Monday, September 5, 2011


Oh, how does one really define failure? It's not quite so simple. It's NEVER been quite-so-simple. But when has an artist's life ever been easy? (We pull things from places that other people don't even know exist.)

I feel like I'm perceived as a failure. I'm not saying that I sit around and feel miserable, weeping for myself, wondering why I'm not successful. I am successful in smaller ways... I get good feedback, I write a well-circulated blog article, or someone buys me a cup of coffee just for my input. But, as a writer, I think that the feeling of failure isn't exactly a fleeting one. Let me explain...

I think that writers (as with most art) work doesn't really "count" in the world until we sell something. Now, I've sold my work before, but not anything that could account for a sustainable income.

There is a difference between failing in other careers and failing in the arts. If you fail to get a certain job or promotion, you are no less an engineer or a nurse. You are those professions, and any failure you have along the way is a singular event. No one looks at a nurse who isn't the head of her department as a failure. No one looks at an engineer who is incapable of designing the Louvre as a failure. However...

As writer, unless you are money or a household name, you have failed at your career. In writing, there is only so much room at the top. And unfortunately, in the eyes of the world, there really isn't anything below the top when it comes to writing/art.

Which means unless you are at the top, you have failed as a writer, and though you may continue to write, until you are published, you have not succeeded.

Granted, this is not how I see it. It is the perception that I have gleamed from writers in my little corner of the world and reaching outwards. It is well decided that this is how the world sees us.

I don't feel like a failure, though. But, I know a lot of people see me as a failure (namely, my family and some "friends"). I think this a vague understanding in the trade... we have something to prove to someone or to ourselves. (While there is always an exception somewhere, surely, someone wanting to be the exception just for sake of being different, well... don't start, I've seen the other sides of this argument, thanks.)

I feel bad for people who pay $10 to go see a movie so that they can be entertained for a while and escape from their lives... and then have the audacity to judge me for what I do. I am in league with the people who write that music you listen to, that movie you just saw, or that book you just read. No one magically comes out on top, most of those people you adore and praise were once "hopeless dreamers" too. The successful artists were once just like me.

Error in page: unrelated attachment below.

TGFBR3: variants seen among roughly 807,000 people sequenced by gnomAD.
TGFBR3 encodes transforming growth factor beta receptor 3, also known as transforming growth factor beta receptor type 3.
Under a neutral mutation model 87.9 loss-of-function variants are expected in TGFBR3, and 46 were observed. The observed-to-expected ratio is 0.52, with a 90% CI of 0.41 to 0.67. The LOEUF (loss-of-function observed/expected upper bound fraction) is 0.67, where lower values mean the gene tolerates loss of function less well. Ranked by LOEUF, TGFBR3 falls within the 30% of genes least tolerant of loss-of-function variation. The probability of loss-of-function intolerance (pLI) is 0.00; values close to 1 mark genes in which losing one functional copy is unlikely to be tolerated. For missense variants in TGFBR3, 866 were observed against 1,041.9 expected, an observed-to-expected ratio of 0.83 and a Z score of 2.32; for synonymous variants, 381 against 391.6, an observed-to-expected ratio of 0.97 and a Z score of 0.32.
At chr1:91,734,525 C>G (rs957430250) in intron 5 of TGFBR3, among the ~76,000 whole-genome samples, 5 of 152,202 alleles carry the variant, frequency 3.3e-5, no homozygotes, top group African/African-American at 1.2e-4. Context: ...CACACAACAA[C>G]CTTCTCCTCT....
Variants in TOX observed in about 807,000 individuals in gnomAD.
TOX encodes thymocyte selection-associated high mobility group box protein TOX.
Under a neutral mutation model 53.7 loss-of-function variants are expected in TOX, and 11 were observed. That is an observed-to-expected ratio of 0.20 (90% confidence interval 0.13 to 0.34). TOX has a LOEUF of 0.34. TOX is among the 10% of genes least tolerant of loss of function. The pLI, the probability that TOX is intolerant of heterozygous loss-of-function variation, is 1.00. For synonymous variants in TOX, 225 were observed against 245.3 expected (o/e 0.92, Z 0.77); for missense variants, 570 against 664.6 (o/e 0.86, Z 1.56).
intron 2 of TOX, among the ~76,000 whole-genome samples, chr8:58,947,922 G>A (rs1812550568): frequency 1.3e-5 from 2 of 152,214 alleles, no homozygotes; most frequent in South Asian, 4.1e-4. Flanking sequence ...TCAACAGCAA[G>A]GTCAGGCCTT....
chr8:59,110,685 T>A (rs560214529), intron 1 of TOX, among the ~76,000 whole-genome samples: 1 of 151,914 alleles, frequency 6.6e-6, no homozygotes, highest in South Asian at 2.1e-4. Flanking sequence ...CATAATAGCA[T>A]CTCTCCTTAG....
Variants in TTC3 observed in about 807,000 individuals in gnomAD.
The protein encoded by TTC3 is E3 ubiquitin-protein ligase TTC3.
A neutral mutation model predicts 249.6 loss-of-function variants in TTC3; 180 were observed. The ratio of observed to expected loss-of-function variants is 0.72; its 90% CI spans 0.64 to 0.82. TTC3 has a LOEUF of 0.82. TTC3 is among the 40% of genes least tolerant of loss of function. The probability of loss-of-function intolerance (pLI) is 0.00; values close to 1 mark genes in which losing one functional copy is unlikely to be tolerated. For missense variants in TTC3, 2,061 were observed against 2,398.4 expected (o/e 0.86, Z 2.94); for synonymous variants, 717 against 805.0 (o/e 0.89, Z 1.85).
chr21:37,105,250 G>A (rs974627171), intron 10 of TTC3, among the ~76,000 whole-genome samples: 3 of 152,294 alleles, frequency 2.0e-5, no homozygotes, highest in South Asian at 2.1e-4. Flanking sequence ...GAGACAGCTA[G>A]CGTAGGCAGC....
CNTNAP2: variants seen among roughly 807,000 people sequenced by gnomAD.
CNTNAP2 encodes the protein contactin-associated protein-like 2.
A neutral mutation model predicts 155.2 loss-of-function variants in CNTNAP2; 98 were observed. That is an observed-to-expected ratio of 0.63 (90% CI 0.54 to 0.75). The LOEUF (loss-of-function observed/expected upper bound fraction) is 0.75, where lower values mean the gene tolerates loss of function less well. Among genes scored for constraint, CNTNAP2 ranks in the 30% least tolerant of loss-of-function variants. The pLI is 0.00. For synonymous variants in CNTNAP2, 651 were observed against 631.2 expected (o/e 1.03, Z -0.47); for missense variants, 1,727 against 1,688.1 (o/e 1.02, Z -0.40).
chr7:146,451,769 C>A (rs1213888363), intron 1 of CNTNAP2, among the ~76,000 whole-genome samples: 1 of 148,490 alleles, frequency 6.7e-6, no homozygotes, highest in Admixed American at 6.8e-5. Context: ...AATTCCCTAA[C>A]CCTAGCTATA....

So, until you lay down that MP3 player, turn off your radio, remove paintings from your wall, and stop watching movies... stop judging me.

PS- Most writers want to make money writing not because it's easy, but because we would like to be able to quit one of our full time jobs.


  1. I don't really have any writer friends. I have writing acquaintances through my crit group, but I don't really hang out with them socially (although loaning my beloved Stargate DVDs to one was definitely a step in that direction!). I have just started to make writing friends on Twitter, but that's still a very new thing.

    I've often had cause to regret not having friends who shared my passion, but perhaps I was lucky enough to miss out on this aspect of it. While I am aware of the 'failure' perception you are talking about, I have never had to experience it for myself. I have a successfyl career for my day job, and my non-writer friends have an expectation that I will succeed at writing - whether there is any truth to this or not is a moot point. Their blind faith in me has always buffered me from this profound sense of failure that dogs so many other artists. My husband even tells people how brilliant a writer I am - despite having read very little of my manuscript.

    Perhaps there are reasons for me to be grateful that writing friends are a relative newcomer in my life.

  2. What you wrote strikes a chord in me. Whenever I've sold a novel, I've at the same time felt awful about the way the sale happened. Other people would be thrilled for me and I'd be backpedaling: something about the sale was less than that glorious "success" that's the common way of understanding writer-success. In my case it's "published, but not published WELL."

    I'm not being judged by others. I'm the one who's judging myself.

  3. That's probably why I'm a big supporter of self-pubbing. I think that I would also encounter that same issue, and instead of trying to justify it to myself, I plan on doing a traditional route. I say traditional in that I intend to hire an editor, cover designer, etc. But, I will self pub, so that my book stands on its own. But, I know this also sets me up for a more crushing failure, should it come to that.